Why is spring water considered safe to drink?

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So, the spring water comes from an underground layer of water, formed from different materials (gravel, sand, silt, rocks)
” Spring water has a natural filtration process through bedrock, which is why springs look clean and pure when it rises to the surface of the Earth” – how? just how? I can understand a modern filter, where the water is getting thought a carbon filter and gets cleaner. But how do the rocks purify the water? How does the water that comes to the surface not contain traces of sand & other stuff?
Thank you,

In: Biology

5 Answers

Anonymous 0 Comments

Carbon filters do the same thing as rock and silt, they just do it more efficiently so it doesn’t have to pass through as much. 

This is also why large-ish sand filters work well for pools.

Now, it won’t take long after the mouth of the spring for contaminants to start being re-introduced and anything marketed as “spring water” will usually have gone through additional chemcial treatment and/or filtering, but after passing through a large amount of sediment at the source it’s about as clean as anything you’ll find out and about naturally or from your filter pitcher or life straw.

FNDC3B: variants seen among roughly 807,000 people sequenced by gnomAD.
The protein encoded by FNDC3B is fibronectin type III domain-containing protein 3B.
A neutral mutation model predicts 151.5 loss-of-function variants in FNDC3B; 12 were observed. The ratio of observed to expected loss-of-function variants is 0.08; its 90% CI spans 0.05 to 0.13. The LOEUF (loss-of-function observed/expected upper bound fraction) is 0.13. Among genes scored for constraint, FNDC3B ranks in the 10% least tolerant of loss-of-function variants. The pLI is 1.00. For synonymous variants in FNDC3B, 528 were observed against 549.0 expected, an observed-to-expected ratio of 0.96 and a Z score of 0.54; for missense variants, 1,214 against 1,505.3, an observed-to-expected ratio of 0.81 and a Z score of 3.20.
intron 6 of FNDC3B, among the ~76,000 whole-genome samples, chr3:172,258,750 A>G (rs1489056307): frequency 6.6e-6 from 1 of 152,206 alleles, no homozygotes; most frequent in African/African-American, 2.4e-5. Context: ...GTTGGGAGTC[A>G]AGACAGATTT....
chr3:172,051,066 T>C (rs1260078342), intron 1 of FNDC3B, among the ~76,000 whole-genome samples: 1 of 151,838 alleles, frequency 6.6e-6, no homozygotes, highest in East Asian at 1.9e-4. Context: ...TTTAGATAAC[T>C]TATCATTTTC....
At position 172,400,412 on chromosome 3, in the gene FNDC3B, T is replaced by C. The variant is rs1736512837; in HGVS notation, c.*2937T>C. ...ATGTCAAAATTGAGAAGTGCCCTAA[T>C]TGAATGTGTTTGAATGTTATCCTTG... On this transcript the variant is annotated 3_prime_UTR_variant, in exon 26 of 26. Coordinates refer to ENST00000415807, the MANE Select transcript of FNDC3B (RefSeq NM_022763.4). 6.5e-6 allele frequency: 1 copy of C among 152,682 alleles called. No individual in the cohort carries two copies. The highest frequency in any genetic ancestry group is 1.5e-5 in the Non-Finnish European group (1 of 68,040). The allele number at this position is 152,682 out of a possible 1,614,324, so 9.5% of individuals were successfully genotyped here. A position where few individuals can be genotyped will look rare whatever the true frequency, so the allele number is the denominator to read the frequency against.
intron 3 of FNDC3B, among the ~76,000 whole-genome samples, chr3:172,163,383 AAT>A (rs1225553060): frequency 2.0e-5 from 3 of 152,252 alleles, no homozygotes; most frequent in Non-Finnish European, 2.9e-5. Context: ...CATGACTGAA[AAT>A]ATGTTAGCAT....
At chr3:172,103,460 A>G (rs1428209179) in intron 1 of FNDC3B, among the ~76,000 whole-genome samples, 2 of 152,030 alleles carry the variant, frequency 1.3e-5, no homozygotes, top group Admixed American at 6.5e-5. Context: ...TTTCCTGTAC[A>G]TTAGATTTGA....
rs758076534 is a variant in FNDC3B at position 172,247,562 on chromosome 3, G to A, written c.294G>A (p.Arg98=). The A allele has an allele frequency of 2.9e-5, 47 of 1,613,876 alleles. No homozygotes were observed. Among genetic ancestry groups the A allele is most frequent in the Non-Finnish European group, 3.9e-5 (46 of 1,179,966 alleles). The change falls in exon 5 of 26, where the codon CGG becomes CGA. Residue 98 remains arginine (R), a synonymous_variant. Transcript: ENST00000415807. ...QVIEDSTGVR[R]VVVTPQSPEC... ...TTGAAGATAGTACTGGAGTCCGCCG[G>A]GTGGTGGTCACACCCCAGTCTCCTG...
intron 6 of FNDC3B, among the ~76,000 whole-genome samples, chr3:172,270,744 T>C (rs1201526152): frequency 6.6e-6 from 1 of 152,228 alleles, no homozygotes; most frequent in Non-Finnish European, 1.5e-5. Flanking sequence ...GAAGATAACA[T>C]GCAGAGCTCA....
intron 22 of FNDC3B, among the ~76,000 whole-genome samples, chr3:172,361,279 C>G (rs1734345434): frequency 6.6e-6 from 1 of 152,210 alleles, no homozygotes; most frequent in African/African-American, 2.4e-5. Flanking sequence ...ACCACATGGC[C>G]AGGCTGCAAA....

Anonymous 0 Comments

Well, it’s basically the same principle as the carbon filter. The surface of the rocks/sand is coarse, so dirt particles will get trapped in small nooks while the water is pushed through the layer. Your carbon filter does nothing else except for having an extra coarse surface so you don’t need a 10 ft tall filter

Anonymous 0 Comments


Anonymous 0 Comments

Does anybody know if you can get H Pylori from spring water?

Anonymous 0 Comments

no water in the wild should be considered safe to drink.

contamination can happen anywhere upstream, you can’t see bacteria.